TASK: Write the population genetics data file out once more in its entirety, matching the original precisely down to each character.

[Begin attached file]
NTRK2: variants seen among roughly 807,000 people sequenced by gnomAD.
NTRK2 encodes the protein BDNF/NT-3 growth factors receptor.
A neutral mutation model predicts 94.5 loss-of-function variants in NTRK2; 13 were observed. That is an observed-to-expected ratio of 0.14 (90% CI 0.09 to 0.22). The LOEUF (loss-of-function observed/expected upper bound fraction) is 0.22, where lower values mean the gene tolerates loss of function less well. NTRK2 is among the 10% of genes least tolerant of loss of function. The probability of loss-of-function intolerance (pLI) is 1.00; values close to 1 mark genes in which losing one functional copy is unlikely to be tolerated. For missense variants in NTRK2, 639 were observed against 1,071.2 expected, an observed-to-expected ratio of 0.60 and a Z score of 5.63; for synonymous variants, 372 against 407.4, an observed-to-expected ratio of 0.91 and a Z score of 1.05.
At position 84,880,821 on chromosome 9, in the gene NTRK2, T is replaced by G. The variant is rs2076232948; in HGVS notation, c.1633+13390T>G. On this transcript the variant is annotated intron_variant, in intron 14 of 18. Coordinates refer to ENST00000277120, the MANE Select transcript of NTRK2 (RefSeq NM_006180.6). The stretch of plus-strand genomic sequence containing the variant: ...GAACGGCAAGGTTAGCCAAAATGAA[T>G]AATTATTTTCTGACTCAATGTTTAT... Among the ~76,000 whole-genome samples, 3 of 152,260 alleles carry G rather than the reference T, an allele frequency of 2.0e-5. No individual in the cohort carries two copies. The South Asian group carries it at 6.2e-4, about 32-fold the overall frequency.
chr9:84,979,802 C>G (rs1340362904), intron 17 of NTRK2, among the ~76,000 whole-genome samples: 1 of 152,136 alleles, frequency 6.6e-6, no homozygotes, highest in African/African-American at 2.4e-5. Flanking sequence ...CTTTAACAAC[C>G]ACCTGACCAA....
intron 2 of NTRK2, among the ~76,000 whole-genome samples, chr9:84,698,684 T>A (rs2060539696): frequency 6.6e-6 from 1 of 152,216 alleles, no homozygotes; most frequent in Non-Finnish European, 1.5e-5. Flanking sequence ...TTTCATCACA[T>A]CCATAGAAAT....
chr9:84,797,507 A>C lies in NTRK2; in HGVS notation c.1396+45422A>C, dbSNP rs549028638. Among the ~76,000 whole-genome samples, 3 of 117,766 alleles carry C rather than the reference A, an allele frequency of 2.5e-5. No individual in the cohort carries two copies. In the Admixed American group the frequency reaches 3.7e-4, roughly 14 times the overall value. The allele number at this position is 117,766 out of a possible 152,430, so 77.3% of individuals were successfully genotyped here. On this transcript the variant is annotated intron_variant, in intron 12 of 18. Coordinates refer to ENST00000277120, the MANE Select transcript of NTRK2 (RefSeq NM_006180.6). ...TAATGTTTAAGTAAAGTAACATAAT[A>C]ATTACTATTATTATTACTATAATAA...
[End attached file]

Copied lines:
NTRK2: variants seen among roughly 807,000 people sequenced by gnomAD.
NTRK2 encodes the protein BDNF/NT-3 growth factors receptor.
A neutral mutation model predicts 94.5 loss-of-function variants in NTRK2; 13 were observed. That is an observed-to-expected ratio of 0.14 (90% CI 0.09 to 0.22). The LOEUF (loss-of-function observed/expected upper bound fraction) is 0.22, where lower values mean the gene tolerates loss of function less well. NTRK2 is among the 10% of genes least tolerant of loss of function. The probability of loss-of-function intolerance (pLI) is 1.00; values close to 1 mark genes in which losing one functional copy is unlikely to be tolerated. For missense variants in NTRK2, 639 were observed against 1,071.2 expected, an observed-to-expected ratio of 0.60 and a Z score of 5.63; for synonymous variants, 372 against 407.4, an observed-to-expected ratio of 0.91 and a Z score of 1.05.
At position 84,880,821 on chromosome 9, in the gene NTRK2, T is replaced by G. The variant is rs2076232948; in HGVS notation, c.1633+13390T>G. On this transcript the variant is annotated intron_variant, in intron 14 of 18. Coordinates refer to ENST00000277120, the MANE Select transcript of NTRK2 (RefSeq NM_006180.6). The stretch of plus-strand genomic sequence containing the variant: ...GAACGGCAAGGTTAGCCAAAATGAA[T>G]AATTATTTTCTGACTCAATGTTTAT... Among the ~76,000 whole-genome samples, 3 of 152,260 alleles carry G rather than the reference T, an allele frequency of 2.0e-5. No individual in the cohort carries two copies. The South Asian group carries it at 6.2e-4, about 32-fold the overall frequency.
chr9:84,979,802 C>G (rs1340362904), intron 17 of NTRK2, among the ~76,000 whole-genome samples: 1 of 152,136 alleles, frequency 6.6e-6, no homozygotes, highest in African/African-American at 2.4e-5. Flanking sequence ...CTTTAACAAC[C>G]ACCTGACCAA....
intron 2 of NTRK2, among the ~76,000 whole-genome samples, chr9:84,698,684 T>A (rs2060539696): frequency 6.6e-6 from 1 of 152,216 alleles, no homozygotes; most frequent in Non-Finnish European, 1.5e-5. Flanking sequence ...TTTCATCACA[T>A]CCATAGAAAT....
chr9:84,797,507 A>C lies in NTRK2; in HGVS notation c.1396+45422A>C, dbSNP rs549028638. Among the ~76,000 whole-genome samples, 3 of 117,766 alleles carry C rather than the reference A, an allele frequency of 2.5e-5. No individual in the cohort carries two copies. In the Admixed American group the frequency reaches 3.7e-4, roughly 14 times the overall value. The allele number at this position is 117,766 out of a possible 152,430, so 77.3% of individuals were successfully genotyped here. On this transcript the variant is annotated intron_variant, in intron 12 of 18. Coordinates refer to ENST00000277120, the MANE Select transcript of NTRK2 (RefSeq NM_006180.6). ...TAATGTTTAAGTAAAGTAACATAAT[A>C]ATTACTATTATTATTACTATAATAA...